What’s fascinating is that three 17-year cycles are about 51 years, and four 17-year cycles are about 68 years. It’s easy to see how these various cycles fit together to accurately predict what has happened in the past and what will most likely happen in the future.
Long-term debt cycles
Naugle says virtually no one tracks the 50 to 70-year debt cycles. What’s disturbing is:
We don’t live in a productivity economy anymore. We live in an economy that is fueled by debt, massive amounts of debt, $5.1 trillion worth of debt that they called “stimulus” during the COVID pandemic.
As Naugle stated earlier, what is happening now has nothing to do with the bank failures, the war or anything else in the news. It’s all part of these economic cycles.
Where we are now
Naugle says that there is some debate about when the last long-term debt cycle began with some experts saying it began about 1934 and others saying the date is about 1940.
The important point to note on Naugle’s chart above is that we are coming off a 50- to 70-year cycle of debt accumulation. This cycle has peaked and we’re now moving into a major downturn that involves deleveraging the debt, which also results in price declines.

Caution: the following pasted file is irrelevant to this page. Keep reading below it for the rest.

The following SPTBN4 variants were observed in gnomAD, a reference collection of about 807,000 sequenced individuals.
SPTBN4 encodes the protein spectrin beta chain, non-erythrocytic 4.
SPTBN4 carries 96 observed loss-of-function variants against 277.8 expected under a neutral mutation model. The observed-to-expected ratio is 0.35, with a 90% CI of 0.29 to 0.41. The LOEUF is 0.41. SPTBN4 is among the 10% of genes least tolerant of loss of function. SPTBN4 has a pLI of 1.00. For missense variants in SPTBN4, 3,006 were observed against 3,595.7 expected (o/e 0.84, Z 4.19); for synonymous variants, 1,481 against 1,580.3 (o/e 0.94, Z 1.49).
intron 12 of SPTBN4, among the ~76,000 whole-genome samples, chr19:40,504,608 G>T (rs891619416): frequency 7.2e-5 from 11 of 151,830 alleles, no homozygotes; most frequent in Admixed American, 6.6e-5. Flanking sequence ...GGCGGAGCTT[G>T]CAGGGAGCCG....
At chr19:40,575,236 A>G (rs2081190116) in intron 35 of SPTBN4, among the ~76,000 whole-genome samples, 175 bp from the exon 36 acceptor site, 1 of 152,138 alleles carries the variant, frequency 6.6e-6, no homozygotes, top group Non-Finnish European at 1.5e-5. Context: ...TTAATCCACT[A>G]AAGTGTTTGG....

If you’re a real estate investor, Naugle believes this new cycle will be the best time in our lifetimes to acquire properties that will generate great returns. For everyone else, it’s going to be very much like the Great Recession.
Play the short game for now, but get ready to go shopping
Looking at these cycles, Naugle’s take on the current situation is:
We’re going to have a small run-up from 2023 to 2026. Then it drops and hits bottom in 2032. Right now, play the short game. When we get to approximately 2026, watch your friends, your family, watch all the people you work with, and when they’re freaking out, when you hear them talking about their losses in their 401K, and you’re hearing about all the layoffs and how bad it is, it’s time to go shopping.
It doesn’t really matter what you buy, but remember, only buy and invest in things that you know, like and understand, which is the third law of wealth.
Naugle’s 6 Laws of Wealth
In addition to tracking the various debt cycles, here are the Six Laws of Wealth that Naugle teaches at his seminars. (You can view his detailed discussion of these laws here.)
Pay yourself first
Keep or save one-tenth of the money you earn. If you make $10,000, keep or save $1,000.
Put your money to work for you